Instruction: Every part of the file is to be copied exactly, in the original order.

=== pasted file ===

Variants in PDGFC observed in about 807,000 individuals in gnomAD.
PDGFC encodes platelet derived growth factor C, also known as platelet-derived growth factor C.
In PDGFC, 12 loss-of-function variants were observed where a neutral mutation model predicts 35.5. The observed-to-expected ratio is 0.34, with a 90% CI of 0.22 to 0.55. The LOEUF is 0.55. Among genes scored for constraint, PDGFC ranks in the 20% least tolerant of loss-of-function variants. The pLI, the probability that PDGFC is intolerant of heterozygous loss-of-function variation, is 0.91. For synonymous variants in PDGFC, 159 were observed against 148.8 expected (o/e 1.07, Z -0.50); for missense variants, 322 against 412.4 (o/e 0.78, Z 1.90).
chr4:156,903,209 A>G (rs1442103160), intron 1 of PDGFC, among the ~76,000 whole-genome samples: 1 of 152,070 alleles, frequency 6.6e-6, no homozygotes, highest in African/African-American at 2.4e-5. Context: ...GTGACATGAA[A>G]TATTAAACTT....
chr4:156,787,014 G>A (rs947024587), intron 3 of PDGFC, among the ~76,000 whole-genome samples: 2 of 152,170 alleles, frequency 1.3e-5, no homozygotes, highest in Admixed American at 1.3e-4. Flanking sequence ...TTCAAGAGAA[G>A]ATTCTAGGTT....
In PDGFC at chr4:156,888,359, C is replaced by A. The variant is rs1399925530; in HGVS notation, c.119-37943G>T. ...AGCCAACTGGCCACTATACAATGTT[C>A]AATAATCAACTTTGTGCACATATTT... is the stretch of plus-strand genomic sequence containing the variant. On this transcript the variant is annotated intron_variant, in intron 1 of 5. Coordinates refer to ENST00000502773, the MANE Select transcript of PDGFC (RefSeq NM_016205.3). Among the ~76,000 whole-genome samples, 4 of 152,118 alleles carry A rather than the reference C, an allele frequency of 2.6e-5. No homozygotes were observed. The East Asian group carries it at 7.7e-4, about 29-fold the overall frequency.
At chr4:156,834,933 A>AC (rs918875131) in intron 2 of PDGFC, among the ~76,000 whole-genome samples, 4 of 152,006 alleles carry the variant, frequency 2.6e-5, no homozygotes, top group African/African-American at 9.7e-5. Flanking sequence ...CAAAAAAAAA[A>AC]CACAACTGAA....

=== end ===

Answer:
Variants in PDGFC observed in about 807,000 individuals in gnomAD.
PDGFC encodes platelet derived growth factor C, also known as platelet-derived growth factor C.
In PDGFC, 12 loss-of-function variants were observed where a neutral mutation model predicts 35.5. The observed-to-expected ratio is 0.34, with a 90% CI of 0.22 to 0.55. The LOEUF is 0.55. Among genes scored for constraint, PDGFC ranks in the 20% least tolerant of loss-of-function variants. The pLI, the probability that PDGFC is intolerant of heterozygous loss-of-function variation, is 0.91. For synonymous variants in PDGFC, 159 were observed against 148.8 expected (o/e 1.07, Z -0.50); for missense variants, 322 against 412.4 (o/e 0.78, Z 1.90).
chr4:156,903,209 A>G (rs1442103160), intron 1 of PDGFC, among the ~76,000 whole-genome samples: 1 of 152,070 alleles, frequency 6.6e-6, no homozygotes, highest in African/African-American at 2.4e-5. Context: ...GTGACATGAA[A>G]TATTAAACTT....
chr4:156,787,014 G>A (rs947024587), intron 3 of PDGFC, among the ~76,000 whole-genome samples: 2 of 152,170 alleles, frequency 1.3e-5, no homozygotes, highest in Admixed American at 1.3e-4. Flanking sequence ...TTCAAGAGAA[G>A]ATTCTAGGTT....
In PDGFC at chr4:156,888,359, C is replaced by A. The variant is rs1399925530; in HGVS notation, c.119-37943G>T. ...AGCCAACTGGCCACTATACAATGTT[C>A]AATAATCAACTTTGTGCACATATTT... is the stretch of plus-strand genomic sequence containing the variant. On this transcript the variant is annotated intron_variant, in intron 1 of 5. Coordinates refer to ENST00000502773, the MANE Select transcript of PDGFC (RefSeq NM_016205.3). Among the ~76,000 whole-genome samples, 4 of 152,118 alleles carry A rather than the reference C, an allele frequency of 2.6e-5. No homozygotes were observed. The East Asian group carries it at 7.7e-4, about 29-fold the overall frequency.
At chr4:156,834,933 A>AC (rs918875131) in intron 2 of PDGFC, among the ~76,000 whole-genome samples, 4 of 152,006 alleles carry the variant, frequency 2.6e-5, no homozygotes, top group African/African-American at 9.7e-5. Flanking sequence ...CAAAAAAAAA[A>AC]CACAACTGAA....